Finlandia Prize for Non-Fiction 2012
5 December 2012 | In the news
‘It is one of the rules of quality journalism that writers aim for even-handed and impartial reporting, but at the same time challenge their respondents to account for their actions. Writers should also have the capacity for in-depth reporting and analysis,’ said Janne Virkkunen, former Editor-in-Chief of Helsingin Sanomat newspaper on 8 November, as he announced the winner of this year’s Finlandia Prize for Non-Fiction, worth €30,000.
The winner, Syötäväksi kasvatetut. Miten ruokasi eli elämänsä (‘Grown to be eaten. How your food lived its life’, Atena) by the young journalist Elina Lappalainen, is her first book.
‘The book could have fallen prey to the sensationalism of which we all probably have experience in the media, at least. This writer was able to avoid the temptation,’ Janne Virkkunen said.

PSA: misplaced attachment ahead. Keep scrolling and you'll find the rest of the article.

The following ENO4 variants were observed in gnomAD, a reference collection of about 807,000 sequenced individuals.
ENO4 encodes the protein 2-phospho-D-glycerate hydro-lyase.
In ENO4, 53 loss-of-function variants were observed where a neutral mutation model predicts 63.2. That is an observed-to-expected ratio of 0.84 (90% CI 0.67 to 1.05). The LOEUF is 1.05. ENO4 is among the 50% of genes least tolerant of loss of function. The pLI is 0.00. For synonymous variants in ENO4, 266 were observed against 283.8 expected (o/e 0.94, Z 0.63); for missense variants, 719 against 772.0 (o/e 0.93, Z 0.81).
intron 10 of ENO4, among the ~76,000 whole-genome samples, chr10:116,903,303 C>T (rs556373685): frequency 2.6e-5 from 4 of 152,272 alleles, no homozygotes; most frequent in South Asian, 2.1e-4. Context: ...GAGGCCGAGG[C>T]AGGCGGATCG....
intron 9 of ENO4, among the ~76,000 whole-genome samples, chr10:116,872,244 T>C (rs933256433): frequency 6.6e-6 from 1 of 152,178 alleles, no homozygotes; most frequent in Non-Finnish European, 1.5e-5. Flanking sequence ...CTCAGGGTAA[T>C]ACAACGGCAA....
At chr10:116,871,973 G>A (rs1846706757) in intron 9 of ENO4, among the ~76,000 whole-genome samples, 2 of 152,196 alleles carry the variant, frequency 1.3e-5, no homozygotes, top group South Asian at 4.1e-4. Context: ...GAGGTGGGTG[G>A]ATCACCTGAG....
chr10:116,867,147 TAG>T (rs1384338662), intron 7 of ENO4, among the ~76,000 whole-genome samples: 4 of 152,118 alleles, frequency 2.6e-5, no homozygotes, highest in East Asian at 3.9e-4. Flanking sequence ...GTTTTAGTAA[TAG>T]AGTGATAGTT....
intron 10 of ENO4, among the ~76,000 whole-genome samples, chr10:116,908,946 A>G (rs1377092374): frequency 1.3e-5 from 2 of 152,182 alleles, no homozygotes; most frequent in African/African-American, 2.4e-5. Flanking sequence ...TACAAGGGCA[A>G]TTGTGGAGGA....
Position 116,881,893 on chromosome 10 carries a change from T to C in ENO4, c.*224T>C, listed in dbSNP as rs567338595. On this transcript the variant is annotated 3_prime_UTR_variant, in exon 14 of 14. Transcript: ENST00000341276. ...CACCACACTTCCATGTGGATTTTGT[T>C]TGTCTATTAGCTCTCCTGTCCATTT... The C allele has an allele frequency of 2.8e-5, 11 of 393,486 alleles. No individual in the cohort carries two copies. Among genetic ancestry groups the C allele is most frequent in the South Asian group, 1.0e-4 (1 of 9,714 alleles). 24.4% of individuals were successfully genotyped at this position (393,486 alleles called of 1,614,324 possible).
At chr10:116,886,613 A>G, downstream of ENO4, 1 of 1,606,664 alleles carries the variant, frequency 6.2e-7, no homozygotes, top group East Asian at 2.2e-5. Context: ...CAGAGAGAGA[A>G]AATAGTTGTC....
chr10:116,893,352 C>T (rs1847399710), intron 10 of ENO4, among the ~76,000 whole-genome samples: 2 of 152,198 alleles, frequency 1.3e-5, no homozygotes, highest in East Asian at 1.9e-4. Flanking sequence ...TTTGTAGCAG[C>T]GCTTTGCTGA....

The other works on the shortlist of six were as follows: Arabikevät (‘The Arab spring’, Avain), a study of spring 2011 in the Arab world by Lilly Korpiola and Hanna Nikkanen, Norsusta nautilukseen. Löytöretkiä eläinkuvituksen historiaan (‘From the elephant to the nautilus. Explorations into the illustration of animals’, John Nurminen Foundation) by Anto Leikola, Kevyt kosketus venäjän kieleen (‘A light touch to the Russian language’, Gaudeamus) by professor of Russian Arto Mustajoki, Karhun kainalossa. Suomen kylmä sota 1947–1990 (‘Under the arm of the Bear. Finland’s Cold War 1947–1990’, Otava) by Jukka Tarkka and Markkinat ja demokratia. Loppu enemmistön tyrannialle (‘Market and democracy. The end of the tyranny of the majority’, Otava) by banker Björn Wahlroos.